Tag Archives: Chicken

The Department of Justice is seeking information regarding price-fixing of chickens by processors. Meat industry publication Meatingplace reports the Department of Justice has issued a grand jury subpoena to plaintiffs in a class action price-fixing lawsuit against the chicken industry.

The subpoena requests information produced in the discovery process by all parties in the case. Tyson Foods, in a regulatory filing, said it was notified of the request on April 26 by the plaintiffs. Decisions on class certification and summary judgment motions likely to be filed by defendants are not expected before the second half of 2020, under the scheduling order currently governing the case.

A food distributor in 2016 filed the class action lawsuit alleging Tyson and other poultry processors conspired to “fix, raise, maintain, and stabilize” prices for broiler chickens. Subsequent lawsuits of similar nature were filed, prompting the court to consolidate the complaints into three classes, including direct purchasers, indirect purchasers and consumers, and commercial indirect purchasers.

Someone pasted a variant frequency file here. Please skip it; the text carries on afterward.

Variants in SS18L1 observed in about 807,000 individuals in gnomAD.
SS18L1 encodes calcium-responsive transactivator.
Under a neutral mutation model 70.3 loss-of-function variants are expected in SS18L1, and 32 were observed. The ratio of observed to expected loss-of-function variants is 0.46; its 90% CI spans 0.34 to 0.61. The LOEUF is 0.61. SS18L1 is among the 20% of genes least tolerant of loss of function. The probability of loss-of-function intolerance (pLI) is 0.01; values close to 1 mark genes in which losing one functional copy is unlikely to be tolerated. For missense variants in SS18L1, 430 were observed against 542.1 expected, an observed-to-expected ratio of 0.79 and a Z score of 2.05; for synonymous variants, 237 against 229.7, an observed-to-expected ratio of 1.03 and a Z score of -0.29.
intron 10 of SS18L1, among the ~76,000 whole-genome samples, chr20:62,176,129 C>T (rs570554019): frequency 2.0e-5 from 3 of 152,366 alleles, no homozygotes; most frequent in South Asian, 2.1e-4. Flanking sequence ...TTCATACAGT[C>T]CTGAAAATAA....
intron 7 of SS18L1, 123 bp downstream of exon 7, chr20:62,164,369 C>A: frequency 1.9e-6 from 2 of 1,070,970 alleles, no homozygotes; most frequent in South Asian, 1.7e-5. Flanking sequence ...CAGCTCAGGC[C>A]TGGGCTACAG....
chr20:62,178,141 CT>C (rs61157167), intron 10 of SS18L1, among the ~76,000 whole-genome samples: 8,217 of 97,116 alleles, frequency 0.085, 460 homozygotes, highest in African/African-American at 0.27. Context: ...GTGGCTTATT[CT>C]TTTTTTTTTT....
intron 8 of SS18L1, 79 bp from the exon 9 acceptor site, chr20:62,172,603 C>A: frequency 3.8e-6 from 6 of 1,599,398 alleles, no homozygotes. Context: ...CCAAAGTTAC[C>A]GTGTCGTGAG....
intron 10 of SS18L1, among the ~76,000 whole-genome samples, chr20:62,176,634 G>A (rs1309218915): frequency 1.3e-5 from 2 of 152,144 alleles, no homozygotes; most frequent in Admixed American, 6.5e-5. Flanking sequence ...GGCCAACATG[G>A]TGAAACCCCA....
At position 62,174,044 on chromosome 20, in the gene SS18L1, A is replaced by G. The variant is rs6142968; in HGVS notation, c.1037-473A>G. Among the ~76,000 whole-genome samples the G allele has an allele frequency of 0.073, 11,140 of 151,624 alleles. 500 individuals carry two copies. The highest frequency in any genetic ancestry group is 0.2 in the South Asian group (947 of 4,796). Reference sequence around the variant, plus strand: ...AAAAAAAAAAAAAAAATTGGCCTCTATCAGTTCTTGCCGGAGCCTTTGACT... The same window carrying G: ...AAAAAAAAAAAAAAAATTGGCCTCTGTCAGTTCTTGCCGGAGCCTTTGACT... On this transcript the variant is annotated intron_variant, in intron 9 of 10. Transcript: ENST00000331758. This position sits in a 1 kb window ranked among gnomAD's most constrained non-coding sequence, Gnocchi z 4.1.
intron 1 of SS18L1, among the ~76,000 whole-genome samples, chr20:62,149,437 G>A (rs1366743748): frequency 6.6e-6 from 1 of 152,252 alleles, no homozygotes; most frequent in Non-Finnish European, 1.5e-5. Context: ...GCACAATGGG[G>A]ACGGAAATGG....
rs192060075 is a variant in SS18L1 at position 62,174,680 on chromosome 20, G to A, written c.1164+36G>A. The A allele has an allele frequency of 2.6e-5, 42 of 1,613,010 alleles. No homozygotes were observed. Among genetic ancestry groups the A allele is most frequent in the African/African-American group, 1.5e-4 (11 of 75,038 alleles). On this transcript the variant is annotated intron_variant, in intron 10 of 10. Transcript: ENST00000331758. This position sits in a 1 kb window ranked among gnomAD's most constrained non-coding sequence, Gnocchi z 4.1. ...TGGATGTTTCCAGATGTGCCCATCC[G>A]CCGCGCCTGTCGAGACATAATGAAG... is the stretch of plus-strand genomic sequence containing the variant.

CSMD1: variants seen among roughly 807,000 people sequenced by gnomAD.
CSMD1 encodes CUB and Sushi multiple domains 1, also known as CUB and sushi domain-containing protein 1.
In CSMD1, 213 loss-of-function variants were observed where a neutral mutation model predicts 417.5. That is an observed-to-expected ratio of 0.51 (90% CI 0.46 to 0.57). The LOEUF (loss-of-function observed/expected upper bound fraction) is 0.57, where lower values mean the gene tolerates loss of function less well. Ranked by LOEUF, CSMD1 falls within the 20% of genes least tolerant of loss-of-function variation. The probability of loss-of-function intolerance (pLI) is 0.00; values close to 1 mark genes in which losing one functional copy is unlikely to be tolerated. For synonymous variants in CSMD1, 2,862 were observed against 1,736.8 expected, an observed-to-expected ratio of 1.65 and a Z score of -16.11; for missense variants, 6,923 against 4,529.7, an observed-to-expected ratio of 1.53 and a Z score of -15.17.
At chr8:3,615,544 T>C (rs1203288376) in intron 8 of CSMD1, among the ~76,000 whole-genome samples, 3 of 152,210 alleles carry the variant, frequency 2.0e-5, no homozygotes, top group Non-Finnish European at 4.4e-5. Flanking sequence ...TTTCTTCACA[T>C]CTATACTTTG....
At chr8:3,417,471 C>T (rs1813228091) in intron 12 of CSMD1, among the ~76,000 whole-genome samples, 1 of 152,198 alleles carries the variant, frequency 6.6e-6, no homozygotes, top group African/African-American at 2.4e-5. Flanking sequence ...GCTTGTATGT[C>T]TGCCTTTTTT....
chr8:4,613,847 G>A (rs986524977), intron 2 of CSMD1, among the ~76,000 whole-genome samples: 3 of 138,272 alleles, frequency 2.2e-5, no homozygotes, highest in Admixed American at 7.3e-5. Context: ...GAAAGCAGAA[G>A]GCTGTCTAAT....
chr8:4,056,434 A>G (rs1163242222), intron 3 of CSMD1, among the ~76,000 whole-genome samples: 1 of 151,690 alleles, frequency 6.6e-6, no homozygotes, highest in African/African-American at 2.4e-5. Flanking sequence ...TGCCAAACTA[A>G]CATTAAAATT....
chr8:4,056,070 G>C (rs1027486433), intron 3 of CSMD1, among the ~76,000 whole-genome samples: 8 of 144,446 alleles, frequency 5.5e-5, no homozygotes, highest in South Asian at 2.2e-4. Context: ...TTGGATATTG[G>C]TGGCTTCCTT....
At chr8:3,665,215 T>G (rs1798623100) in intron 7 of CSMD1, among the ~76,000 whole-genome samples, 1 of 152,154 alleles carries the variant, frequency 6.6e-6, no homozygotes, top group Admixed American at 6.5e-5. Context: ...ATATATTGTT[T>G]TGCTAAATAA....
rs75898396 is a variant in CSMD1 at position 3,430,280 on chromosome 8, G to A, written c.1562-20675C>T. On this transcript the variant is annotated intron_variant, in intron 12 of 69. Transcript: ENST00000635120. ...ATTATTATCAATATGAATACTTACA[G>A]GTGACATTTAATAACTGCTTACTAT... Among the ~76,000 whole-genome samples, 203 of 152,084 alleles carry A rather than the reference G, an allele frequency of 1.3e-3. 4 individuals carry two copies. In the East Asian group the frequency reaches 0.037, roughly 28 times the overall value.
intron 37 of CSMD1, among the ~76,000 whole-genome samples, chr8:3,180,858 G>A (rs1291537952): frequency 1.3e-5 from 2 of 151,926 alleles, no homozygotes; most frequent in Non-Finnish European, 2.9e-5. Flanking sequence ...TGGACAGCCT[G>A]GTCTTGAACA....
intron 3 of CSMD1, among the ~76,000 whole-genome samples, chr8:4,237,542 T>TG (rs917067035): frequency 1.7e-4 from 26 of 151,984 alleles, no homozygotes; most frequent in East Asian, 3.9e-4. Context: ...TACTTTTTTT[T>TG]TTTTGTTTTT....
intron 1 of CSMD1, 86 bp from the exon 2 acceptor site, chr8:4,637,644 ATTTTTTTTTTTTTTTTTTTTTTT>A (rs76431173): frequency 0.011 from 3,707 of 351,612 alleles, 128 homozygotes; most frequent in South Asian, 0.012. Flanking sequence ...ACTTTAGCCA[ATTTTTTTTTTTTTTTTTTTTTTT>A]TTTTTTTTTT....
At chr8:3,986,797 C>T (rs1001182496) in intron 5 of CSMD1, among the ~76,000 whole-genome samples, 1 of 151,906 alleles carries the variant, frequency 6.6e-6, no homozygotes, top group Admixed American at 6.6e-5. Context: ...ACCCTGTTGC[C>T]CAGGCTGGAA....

DES MOINES, Iowa (AP) — An Iowa egg farm that killed millions of chickens because of a 2015 bird flu outbreak is suing companies hired by the federal government to disinfect barns.

Sunrise Farms says the chlorine dioxide gas and heat treatments used to kill the virus destroyed barn equipment, electrical wiring, production equipment and water lines. The company also says the structural integrity of its barns was diminished.

Max Barnett, the CEO of Sunrise Farms’ parent company, South Dakota-based Sonstegard Foods, said he couldn’t comment on a pending court case.

The farm is near the northwest Iowa town of Harris, about 225 miles northwest of Des Moines. It includes a feed mill, 25 layer barns, two manure barns and a processing plant. The barns housed 4 million egg-laying hens, and two other buildings had 500,000 young hens being raised to become layers.

The farm confirmed on April 19, 2015, that its birds had the deadly strain of H5N2 bird flu. Officials from the USDA’s Animal and Plant Health Inspection Service division arrived within days and took over the cleanup and disinfection process, hiring several companies to complete euthanizing birds and disinfecting barns to prevent the spread of the virus.